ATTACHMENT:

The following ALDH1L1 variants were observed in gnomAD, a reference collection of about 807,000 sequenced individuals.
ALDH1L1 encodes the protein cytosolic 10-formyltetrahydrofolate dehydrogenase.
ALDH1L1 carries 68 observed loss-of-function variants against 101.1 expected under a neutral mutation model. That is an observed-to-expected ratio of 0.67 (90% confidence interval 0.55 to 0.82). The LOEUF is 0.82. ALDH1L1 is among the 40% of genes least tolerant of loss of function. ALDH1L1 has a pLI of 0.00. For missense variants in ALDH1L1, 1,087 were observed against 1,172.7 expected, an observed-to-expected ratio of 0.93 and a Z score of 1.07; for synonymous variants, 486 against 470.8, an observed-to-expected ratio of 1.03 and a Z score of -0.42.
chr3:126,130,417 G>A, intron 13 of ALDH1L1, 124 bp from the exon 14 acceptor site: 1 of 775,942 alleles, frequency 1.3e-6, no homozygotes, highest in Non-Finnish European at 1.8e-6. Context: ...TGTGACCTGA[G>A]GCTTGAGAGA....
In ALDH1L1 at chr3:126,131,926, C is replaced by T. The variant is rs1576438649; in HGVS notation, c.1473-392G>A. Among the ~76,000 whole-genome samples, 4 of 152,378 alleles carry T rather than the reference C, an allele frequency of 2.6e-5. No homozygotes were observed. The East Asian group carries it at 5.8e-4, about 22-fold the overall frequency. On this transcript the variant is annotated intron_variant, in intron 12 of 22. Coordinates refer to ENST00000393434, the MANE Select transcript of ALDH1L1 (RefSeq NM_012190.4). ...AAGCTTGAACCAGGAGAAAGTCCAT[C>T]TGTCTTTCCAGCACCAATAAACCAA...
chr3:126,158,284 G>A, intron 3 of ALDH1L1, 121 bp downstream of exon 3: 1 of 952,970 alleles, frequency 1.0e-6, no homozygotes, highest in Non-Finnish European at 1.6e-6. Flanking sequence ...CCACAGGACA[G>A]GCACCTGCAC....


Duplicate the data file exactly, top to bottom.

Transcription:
The following ALDH1L1 variants were observed in gnomAD, a reference collection of about 807,000 sequenced individuals.
ALDH1L1 encodes the protein cytosolic 10-formyltetrahydrofolate dehydrogenase.
ALDH1L1 carries 68 observed loss-of-function variants against 101.1 expected under a neutral mutation model. That is an observed-to-expected ratio of 0.67 (90% confidence interval 0.55 to 0.82). The LOEUF is 0.82. ALDH1L1 is among the 40% of genes least tolerant of loss of function. ALDH1L1 has a pLI of 0.00. For missense variants in ALDH1L1, 1,087 were observed against 1,172.7 expected, an observed-to-expected ratio of 0.93 and a Z score of 1.07; for synonymous variants, 486 against 470.8, an observed-to-expected ratio of 1.03 and a Z score of -0.42.
chr3:126,130,417 G>A, intron 13 of ALDH1L1, 124 bp from the exon 14 acceptor site: 1 of 775,942 alleles, frequency 1.3e-6, no homozygotes, highest in Non-Finnish European at 1.8e-6. Context: ...TGTGACCTGA[G>A]GCTTGAGAGA....
In ALDH1L1 at chr3:126,131,926, C is replaced by T. The variant is rs1576438649; in HGVS notation, c.1473-392G>A. Among the ~76,000 whole-genome samples, 4 of 152,378 alleles carry T rather than the reference C, an allele frequency of 2.6e-5. No homozygotes were observed. The East Asian group carries it at 5.8e-4, about 22-fold the overall frequency. On this transcript the variant is annotated intron_variant, in intron 12 of 22. Coordinates refer to ENST00000393434, the MANE Select transcript of ALDH1L1 (RefSeq NM_012190.4). ...AAGCTTGAACCAGGAGAAAGTCCAT[C>T]TGTCTTTCCAGCACCAATAAACCAA...
chr3:126,158,284 G>A, intron 3 of ALDH1L1, 121 bp downstream of exon 3: 1 of 952,970 alleles, frequency 1.0e-6, no homozygotes, highest in Non-Finnish European at 1.6e-6. Flanking sequence ...CCACAGGACA[G>A]GCACCTGCAC....